Page last updated at 07:22 GMT, Friday, 16 January 2009

Tale of miraculous airline escape

By Heather Alexander
BBC News, New York

An Airbus 320 US Airways aircraft that went down in the Hudson River is seen in New York
The plane was forced to make the emergency landing shortly after take-off
It was a jaw-dropping sight for the workers in Manhattan's west side office blocks to see a US Airways passenger plane glide down into the Hudson River.

The 70-tonne airbus 320 appeared to land on the river as if it was a runway, bouncing slightly off the water in a huge splash before settling submerged up to the windows.

Immediately, the city was filled with the sounds of sirens and helicopters flying overhead.

Those watching feared the worst.

Yellow water taxis immediately diverted, but it quickly became clear that this was to become a tale of miraculous escape, not tragic loss.

The plane doors opened and people started stepping out onto the wings, waving to the nearing rescuers.

He walked the plane twice after everybody else was off and tried to verify that there was nobody else on board
Mayor Bloomberg on pilot Chelsey B Sullenberger

The floating aircraft was quickly surrounded by coastguard, police and fire service, with divers on hand also helping people into boats.

Some coming from the front doors had to get into the freezing water to reach safety. They were plucked out and sat shivering in blankets, their clothes sopping wet.

Many others managed to get into boats without even getting wet. The wings were packed with people stepping into lifeboats.

They still suffered the cold, though, as the air temperature was almost -7C.

Bird strikes

Once on dry land, they told of a terrifying turn of events.

Just minutes after take off, they saw flames streaming from the engines.

Mayor Bloomberg: 'The pilot did a masterful job'

One passenger said the cabin started smelling of gasoline, and a couple of minutes later the pilot said they should brace for a hard impact. Everyone started saying prayers.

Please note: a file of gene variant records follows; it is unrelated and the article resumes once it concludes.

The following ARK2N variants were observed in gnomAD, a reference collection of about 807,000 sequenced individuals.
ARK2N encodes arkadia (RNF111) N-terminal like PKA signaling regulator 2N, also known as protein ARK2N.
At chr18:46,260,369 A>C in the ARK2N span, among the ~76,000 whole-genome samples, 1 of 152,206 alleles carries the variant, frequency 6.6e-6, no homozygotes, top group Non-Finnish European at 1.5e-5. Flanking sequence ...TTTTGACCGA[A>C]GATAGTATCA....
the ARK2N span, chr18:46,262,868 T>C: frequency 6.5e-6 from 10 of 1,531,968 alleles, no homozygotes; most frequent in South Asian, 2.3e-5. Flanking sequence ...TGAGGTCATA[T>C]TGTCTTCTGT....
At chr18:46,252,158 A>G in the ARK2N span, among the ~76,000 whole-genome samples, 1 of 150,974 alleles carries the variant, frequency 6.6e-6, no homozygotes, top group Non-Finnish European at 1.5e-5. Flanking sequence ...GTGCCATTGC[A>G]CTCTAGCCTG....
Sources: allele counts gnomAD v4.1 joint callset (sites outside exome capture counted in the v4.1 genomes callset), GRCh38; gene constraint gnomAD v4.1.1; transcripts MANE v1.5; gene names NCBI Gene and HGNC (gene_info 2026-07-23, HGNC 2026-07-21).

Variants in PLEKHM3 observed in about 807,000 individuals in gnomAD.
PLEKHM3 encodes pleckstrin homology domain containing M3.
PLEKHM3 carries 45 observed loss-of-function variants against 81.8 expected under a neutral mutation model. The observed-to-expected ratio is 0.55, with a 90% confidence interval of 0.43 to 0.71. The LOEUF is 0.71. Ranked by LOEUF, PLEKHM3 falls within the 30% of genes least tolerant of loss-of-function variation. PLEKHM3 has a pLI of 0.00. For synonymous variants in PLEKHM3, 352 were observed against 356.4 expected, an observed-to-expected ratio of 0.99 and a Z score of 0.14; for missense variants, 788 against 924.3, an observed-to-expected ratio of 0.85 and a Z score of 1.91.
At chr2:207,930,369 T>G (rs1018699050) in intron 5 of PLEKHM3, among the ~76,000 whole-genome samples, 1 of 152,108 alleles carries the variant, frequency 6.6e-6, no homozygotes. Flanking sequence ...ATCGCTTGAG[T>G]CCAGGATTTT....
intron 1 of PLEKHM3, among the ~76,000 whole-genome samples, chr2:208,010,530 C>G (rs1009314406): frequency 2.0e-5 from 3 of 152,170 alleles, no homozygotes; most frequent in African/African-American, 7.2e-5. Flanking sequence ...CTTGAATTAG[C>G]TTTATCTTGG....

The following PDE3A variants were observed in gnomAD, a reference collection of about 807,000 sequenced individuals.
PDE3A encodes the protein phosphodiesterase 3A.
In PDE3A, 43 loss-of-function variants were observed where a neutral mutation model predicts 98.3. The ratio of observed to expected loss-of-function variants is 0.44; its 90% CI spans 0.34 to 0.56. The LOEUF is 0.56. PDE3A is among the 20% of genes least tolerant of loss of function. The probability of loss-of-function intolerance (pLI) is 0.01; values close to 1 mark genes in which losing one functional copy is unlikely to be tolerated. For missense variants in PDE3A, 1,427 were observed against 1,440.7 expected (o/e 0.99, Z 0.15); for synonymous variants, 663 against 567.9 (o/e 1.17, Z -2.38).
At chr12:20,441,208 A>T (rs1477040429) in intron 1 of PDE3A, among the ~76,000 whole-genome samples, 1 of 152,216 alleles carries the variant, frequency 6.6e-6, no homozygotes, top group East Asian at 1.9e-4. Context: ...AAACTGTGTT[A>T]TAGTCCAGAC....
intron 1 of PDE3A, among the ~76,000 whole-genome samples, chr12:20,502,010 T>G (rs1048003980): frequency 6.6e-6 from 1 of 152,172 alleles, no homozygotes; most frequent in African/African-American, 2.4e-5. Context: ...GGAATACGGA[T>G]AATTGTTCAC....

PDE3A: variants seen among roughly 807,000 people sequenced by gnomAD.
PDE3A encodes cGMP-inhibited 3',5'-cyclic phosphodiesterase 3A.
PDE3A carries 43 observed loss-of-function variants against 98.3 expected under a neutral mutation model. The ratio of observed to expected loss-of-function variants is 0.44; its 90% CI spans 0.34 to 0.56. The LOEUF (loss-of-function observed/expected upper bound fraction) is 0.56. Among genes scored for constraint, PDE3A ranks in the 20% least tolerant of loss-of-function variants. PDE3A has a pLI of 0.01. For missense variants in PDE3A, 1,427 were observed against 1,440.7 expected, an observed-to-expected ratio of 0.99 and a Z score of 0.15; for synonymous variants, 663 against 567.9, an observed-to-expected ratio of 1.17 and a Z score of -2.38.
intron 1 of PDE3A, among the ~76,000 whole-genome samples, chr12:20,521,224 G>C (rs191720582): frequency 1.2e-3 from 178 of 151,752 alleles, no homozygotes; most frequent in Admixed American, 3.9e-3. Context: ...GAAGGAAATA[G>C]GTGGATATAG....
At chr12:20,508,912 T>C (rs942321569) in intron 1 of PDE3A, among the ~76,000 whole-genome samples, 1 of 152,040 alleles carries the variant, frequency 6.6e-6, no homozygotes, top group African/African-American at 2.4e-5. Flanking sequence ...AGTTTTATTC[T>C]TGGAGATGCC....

New York Mayor Michael Bloomberg praised the pilot for successfully steering his aircraft over the city's skyscrapers where an impact could have been devastating.

He did "a masterful job of landing the plane in the river and then making sure that everybody got out," Mr Bloomberg said.

"He walked the plane twice after everybody else was off and tried to verify that there was nobody else on board."

The word in the city is that the plane hit a flock of birds after it left LaGuardia airport.


Large passenger jets can withstand being hit by a 4lb (1.8kg) bird, but problems can arise with flocks of small birds, or with larger birds
219 people have been killed worldwide as a result of wildlife strikes since 1988
In 2007, over 7,600 birds and other wildlife were reported to have hit civil aircraft in the US

Bird strikes cause $600m damage to aircraft in the US every year
Source: Bird Strike Committee USA

There is alarm that something as common as that could cause both engines of a plane to fail.

The Federal Aviation Administration said there were about 65,000 bird strikes between 1990 and 2005 - one in 10,000 flights.

Retired Delta Airlines pilot Joe Mazzone says: ''They literally just choke out the engine and it quits.''

He said air traffic control towers routinely alert pilots if there are birds in the area.

The FAA has confirmed it received eyewitness reports that a bird strike caused the crash, but US Airways says it will not speculate until it has carried out a full investigation.

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